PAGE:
In the Law360 article “NYC Bar Proposal Could Quell Persistent ‘Fear’ CCOs Face,” SEC and regulatory enforcement defense partner Jim Lundy discussed how a new proposal from the New York City (NYC) Bar Association aims to provide more clarity about U.S. regulators’ decisions regarding whether to bring enforcement actions against chief compliance officers (CCOs).
The publication noted that the NYC Bar Association’s proposal outlines over a dozen factors it wants regulators, including the U.S. Securities and Exchange Commission (SEC), to weigh when deciding whether to take enforcement actions against CCOs.
Lundy explained that the current SEC framework for assessing CCO liability stems from the Gutfreund standard and from an array of subsequent rulings, guidance and statements from SEC members.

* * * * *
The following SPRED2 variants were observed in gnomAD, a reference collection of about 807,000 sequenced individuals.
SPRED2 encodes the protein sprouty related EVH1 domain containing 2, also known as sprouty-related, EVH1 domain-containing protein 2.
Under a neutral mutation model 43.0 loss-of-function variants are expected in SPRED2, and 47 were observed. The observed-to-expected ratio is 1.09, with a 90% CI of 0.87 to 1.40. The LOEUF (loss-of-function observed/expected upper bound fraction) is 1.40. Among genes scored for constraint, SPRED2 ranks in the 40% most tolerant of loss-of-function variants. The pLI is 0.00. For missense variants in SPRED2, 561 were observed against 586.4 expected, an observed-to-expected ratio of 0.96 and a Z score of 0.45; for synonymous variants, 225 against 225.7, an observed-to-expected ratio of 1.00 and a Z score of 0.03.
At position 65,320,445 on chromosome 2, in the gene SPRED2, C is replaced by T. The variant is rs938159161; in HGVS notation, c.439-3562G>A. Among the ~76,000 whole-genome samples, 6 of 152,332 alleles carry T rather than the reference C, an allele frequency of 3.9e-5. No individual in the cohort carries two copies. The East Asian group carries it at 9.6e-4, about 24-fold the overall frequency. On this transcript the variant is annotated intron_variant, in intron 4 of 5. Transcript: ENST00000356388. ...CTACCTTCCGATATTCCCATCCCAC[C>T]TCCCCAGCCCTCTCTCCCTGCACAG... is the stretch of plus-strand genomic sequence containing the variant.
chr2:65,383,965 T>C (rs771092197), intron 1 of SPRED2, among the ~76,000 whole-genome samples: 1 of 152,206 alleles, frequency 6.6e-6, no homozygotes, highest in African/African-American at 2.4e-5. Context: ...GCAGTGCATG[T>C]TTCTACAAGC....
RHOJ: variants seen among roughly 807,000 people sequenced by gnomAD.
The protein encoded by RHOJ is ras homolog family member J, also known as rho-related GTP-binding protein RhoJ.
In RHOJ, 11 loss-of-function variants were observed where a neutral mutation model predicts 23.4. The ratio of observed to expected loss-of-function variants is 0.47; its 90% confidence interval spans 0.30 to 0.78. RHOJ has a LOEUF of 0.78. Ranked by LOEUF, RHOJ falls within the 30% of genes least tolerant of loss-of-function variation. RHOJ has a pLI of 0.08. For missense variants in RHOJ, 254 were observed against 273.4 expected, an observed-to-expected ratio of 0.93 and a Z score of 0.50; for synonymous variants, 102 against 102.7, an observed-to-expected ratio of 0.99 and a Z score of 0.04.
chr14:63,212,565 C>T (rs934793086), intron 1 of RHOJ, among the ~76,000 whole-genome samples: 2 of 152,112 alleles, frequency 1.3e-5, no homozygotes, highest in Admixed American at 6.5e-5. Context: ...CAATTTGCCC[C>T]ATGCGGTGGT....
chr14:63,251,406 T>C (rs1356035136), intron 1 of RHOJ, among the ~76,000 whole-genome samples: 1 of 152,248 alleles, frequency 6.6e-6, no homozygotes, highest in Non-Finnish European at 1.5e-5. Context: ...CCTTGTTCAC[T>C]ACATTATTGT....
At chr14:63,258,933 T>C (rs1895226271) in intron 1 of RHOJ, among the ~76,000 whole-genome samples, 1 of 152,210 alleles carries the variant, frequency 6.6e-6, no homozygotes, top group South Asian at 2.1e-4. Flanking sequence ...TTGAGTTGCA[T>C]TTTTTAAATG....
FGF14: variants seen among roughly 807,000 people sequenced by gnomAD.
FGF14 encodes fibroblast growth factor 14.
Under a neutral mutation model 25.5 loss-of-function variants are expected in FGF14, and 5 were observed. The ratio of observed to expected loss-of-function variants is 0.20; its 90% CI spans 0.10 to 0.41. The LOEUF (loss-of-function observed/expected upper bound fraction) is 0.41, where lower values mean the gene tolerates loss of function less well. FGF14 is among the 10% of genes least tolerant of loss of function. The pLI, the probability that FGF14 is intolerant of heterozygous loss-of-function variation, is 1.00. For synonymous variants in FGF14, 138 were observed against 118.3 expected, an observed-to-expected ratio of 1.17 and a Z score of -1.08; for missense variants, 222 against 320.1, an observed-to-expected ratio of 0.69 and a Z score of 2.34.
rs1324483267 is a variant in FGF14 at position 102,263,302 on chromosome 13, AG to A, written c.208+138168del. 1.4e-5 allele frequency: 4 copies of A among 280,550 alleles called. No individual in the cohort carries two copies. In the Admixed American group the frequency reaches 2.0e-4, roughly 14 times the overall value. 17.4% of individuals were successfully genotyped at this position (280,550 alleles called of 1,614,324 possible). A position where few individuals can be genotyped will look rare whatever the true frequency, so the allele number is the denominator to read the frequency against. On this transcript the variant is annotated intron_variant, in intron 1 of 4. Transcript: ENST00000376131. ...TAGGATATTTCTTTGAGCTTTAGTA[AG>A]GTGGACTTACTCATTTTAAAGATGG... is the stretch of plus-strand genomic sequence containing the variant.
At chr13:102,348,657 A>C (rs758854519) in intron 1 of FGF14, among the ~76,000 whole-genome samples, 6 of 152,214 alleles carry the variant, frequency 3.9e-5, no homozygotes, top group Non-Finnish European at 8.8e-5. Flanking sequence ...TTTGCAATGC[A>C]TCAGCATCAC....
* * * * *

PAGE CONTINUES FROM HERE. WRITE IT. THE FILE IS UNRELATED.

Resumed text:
“The standard is opaque, and that’s what’s frustrating,” Lundy said. “What the NYC Bar Association is proposing is a way to assess the facts and the circumstances related to what the SEC is investigating and to give the guidance for how those facts and circumstances should be considered when applied to the standard.”
Lundy also noted that cases against CCOs are rare, but “they’re so sensitive and so controversial, and so decimating to the individuals who are charged, that the compliance industry is on alert.”
Additionally, there are nonpublic SEC investigations into firms’ compliance functions and their CCOs — probes that “we never know about” but that contribute to the “chilling effect” on the profession, Lundy said.
The full article is available for Law360 subscribers.